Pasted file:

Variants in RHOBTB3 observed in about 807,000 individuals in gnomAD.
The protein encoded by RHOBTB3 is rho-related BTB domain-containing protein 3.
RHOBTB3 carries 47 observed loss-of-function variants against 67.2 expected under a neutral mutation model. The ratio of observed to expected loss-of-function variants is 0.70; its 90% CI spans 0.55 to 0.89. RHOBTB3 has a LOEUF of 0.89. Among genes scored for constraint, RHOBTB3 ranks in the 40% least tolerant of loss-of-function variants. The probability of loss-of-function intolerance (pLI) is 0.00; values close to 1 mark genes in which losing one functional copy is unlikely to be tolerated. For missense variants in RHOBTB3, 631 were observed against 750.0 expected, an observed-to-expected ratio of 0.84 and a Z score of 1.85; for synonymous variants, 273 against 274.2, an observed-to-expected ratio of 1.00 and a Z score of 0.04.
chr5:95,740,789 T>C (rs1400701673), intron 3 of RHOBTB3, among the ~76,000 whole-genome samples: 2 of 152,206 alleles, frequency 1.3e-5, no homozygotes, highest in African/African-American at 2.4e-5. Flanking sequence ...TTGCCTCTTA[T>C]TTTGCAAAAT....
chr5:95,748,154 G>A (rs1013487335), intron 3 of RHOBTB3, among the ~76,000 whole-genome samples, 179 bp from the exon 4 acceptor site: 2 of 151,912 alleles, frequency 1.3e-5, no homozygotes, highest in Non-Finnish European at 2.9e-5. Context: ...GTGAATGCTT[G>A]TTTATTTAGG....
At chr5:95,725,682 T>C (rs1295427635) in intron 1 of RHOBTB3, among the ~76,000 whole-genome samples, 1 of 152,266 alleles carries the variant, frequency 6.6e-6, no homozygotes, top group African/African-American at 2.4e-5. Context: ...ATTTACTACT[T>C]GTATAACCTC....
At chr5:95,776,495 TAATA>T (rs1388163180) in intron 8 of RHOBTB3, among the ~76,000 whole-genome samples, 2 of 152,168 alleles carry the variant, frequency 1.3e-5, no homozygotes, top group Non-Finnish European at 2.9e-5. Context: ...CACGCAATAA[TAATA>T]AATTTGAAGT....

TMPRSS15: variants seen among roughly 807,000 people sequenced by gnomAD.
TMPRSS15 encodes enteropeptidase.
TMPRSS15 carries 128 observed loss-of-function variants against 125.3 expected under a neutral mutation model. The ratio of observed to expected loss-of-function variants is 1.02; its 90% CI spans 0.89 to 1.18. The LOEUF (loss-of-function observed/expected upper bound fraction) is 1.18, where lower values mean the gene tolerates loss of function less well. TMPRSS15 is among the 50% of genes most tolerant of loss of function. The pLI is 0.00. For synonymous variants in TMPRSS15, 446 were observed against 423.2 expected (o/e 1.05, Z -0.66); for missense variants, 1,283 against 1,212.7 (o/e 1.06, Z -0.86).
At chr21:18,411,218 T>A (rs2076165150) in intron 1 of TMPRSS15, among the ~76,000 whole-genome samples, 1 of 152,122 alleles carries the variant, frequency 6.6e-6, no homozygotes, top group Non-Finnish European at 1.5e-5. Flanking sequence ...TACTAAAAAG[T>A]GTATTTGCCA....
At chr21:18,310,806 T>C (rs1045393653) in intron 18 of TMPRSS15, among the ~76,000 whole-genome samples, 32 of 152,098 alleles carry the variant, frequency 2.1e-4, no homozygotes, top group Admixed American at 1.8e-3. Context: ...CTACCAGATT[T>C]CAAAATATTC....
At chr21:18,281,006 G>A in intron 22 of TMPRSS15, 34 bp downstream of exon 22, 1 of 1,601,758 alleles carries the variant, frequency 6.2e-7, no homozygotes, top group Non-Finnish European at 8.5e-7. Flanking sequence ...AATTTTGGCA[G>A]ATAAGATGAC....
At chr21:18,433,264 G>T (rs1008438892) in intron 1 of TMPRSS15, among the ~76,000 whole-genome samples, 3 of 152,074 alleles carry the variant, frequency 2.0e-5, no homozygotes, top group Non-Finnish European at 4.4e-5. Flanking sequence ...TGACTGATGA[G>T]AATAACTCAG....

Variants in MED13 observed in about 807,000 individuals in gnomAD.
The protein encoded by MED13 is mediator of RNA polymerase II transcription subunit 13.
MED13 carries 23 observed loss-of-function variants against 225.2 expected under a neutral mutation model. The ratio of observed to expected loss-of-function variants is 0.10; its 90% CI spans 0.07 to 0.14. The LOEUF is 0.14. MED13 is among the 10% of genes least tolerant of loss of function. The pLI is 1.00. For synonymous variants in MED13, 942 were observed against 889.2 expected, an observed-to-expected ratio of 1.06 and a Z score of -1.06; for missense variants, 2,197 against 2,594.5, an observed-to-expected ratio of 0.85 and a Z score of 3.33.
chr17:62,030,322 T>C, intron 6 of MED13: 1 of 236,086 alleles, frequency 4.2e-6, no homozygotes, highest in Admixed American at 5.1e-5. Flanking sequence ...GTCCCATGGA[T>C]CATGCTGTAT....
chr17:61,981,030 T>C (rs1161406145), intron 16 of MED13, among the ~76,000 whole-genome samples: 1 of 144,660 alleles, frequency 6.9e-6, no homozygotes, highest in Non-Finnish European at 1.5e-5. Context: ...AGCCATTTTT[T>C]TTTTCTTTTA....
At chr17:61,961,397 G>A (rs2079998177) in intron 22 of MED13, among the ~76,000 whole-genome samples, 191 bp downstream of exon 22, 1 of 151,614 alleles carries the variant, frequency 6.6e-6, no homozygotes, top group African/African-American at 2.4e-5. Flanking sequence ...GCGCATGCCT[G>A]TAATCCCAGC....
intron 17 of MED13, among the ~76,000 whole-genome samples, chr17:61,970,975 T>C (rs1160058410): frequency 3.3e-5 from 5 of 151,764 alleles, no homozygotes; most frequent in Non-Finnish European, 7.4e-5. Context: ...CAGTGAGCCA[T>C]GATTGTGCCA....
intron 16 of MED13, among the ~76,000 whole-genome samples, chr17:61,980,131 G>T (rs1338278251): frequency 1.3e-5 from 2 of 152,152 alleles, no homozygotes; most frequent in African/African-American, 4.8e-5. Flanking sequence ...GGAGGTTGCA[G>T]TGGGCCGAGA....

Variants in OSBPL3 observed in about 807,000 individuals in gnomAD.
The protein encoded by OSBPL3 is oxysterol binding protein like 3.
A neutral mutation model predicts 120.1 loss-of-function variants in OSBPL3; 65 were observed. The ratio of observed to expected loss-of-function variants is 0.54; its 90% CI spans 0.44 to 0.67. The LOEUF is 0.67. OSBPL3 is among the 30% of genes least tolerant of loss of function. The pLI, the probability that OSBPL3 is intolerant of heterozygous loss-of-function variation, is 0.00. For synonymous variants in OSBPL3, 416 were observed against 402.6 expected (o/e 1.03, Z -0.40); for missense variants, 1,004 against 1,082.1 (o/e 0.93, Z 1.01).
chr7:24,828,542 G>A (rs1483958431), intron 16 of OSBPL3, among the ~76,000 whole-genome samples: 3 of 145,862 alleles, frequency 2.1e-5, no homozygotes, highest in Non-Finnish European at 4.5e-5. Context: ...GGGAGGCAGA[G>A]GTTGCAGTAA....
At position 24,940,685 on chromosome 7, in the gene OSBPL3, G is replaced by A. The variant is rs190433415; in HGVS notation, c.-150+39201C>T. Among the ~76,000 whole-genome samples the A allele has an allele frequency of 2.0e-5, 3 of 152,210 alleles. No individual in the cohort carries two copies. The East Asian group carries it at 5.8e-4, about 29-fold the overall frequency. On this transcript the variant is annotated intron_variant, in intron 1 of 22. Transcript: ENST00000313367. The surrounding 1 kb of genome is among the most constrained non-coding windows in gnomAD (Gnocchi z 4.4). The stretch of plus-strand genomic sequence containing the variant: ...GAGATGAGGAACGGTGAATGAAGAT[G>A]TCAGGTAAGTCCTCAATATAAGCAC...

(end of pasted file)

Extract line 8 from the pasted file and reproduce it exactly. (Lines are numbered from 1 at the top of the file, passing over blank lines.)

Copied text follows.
TMPRSS15: variants seen among roughly 807,000 people sequenced by gnomAD.